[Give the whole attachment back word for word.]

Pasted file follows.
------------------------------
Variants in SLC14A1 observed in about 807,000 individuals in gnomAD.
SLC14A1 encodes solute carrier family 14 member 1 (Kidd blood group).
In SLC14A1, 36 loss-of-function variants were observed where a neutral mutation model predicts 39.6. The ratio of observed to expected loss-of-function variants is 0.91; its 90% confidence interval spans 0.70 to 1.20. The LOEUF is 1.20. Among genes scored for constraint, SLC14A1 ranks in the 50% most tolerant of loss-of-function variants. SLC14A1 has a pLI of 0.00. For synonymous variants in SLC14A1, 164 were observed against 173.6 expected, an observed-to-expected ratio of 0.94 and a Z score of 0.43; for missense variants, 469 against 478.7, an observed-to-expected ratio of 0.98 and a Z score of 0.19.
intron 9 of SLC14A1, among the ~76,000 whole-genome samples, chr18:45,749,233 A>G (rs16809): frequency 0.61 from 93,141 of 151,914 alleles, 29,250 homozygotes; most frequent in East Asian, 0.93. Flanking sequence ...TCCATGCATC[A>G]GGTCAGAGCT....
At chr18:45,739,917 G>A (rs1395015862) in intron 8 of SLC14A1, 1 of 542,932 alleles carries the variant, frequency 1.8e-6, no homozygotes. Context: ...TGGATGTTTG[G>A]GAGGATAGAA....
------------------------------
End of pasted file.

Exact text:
Variants in SLC14A1 observed in about 807,000 individuals in gnomAD.
SLC14A1 encodes solute carrier family 14 member 1 (Kidd blood group).
In SLC14A1, 36 loss-of-function variants were observed where a neutral mutation model predicts 39.6. The ratio of observed to expected loss-of-function variants is 0.91; its 90% confidence interval spans 0.70 to 1.20. The LOEUF is 1.20. Among genes scored for constraint, SLC14A1 ranks in the 50% most tolerant of loss-of-function variants. SLC14A1 has a pLI of 0.00. For synonymous variants in SLC14A1, 164 were observed against 173.6 expected, an observed-to-expected ratio of 0.94 and a Z score of 0.43; for missense variants, 469 against 478.7, an observed-to-expected ratio of 0.98 and a Z score of 0.19.
intron 9 of SLC14A1, among the ~76,000 whole-genome samples, chr18:45,749,233 A>G (rs16809): frequency 0.61 from 93,141 of 151,914 alleles, 29,250 homozygotes; most frequent in East Asian, 0.93. Flanking sequence ...TCCATGCATC[A>G]GGTCAGAGCT....
At chr18:45,739,917 G>A (rs1395015862) in intron 8 of SLC14A1, 1 of 542,932 alleles carries the variant, frequency 1.8e-6, no homozygotes. Context: ...TGGATGTTTG[G>A]GAGGATAGAA....